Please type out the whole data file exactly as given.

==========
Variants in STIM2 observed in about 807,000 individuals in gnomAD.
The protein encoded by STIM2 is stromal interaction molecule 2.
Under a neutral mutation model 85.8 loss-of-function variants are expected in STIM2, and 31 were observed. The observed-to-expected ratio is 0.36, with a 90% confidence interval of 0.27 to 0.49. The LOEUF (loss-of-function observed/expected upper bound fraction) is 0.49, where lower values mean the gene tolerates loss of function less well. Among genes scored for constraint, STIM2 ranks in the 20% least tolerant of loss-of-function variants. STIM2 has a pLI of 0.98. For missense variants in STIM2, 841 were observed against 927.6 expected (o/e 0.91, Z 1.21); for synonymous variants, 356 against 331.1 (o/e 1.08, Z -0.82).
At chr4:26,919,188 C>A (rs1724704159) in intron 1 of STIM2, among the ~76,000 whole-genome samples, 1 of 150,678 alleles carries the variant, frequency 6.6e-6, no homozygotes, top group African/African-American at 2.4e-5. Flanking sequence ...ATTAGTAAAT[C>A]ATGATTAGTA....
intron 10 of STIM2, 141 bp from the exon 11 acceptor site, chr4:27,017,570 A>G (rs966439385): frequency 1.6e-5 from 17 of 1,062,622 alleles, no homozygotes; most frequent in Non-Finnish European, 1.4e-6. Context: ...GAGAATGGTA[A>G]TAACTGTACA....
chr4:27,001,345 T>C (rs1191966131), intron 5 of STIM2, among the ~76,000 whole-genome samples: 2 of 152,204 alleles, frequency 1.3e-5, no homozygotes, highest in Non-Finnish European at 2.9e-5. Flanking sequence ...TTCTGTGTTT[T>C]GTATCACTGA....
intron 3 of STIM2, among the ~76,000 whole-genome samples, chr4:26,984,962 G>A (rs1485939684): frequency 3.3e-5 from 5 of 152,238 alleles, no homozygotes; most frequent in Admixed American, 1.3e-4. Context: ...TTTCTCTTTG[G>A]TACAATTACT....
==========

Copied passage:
Variants in STIM2 observed in about 807,000 individuals in gnomAD.
The protein encoded by STIM2 is stromal interaction molecule 2.
Under a neutral mutation model 85.8 loss-of-function variants are expected in STIM2, and 31 were observed. The observed-to-expected ratio is 0.36, with a 90% confidence interval of 0.27 to 0.49. The LOEUF (loss-of-function observed/expected upper bound fraction) is 0.49, where lower values mean the gene tolerates loss of function less well. Among genes scored for constraint, STIM2 ranks in the 20% least tolerant of loss-of-function variants. STIM2 has a pLI of 0.98. For missense variants in STIM2, 841 were observed against 927.6 expected (o/e 0.91, Z 1.21); for synonymous variants, 356 against 331.1 (o/e 1.08, Z -0.82).
At chr4:26,919,188 C>A (rs1724704159) in intron 1 of STIM2, among the ~76,000 whole-genome samples, 1 of 150,678 alleles carries the variant, frequency 6.6e-6, no homozygotes, top group African/African-American at 2.4e-5. Flanking sequence ...ATTAGTAAAT[C>A]ATGATTAGTA....
intron 10 of STIM2, 141 bp from the exon 11 acceptor site, chr4:27,017,570 A>G (rs966439385): frequency 1.6e-5 from 17 of 1,062,622 alleles, no homozygotes; most frequent in Non-Finnish European, 1.4e-6. Context: ...GAGAATGGTA[A>G]TAACTGTACA....
chr4:27,001,345 T>C (rs1191966131), intron 5 of STIM2, among the ~76,000 whole-genome samples: 2 of 152,204 alleles, frequency 1.3e-5, no homozygotes, highest in Non-Finnish European at 2.9e-5. Flanking sequence ...TTCTGTGTTT[T>C]GTATCACTGA....
intron 3 of STIM2, among the ~76,000 whole-genome samples, chr4:26,984,962 G>A (rs1485939684): frequency 3.3e-5 from 5 of 152,238 alleles, no homozygotes; most frequent in Admixed American, 1.3e-4. Context: ...TTTCTCTTTG[G>A]TACAATTACT....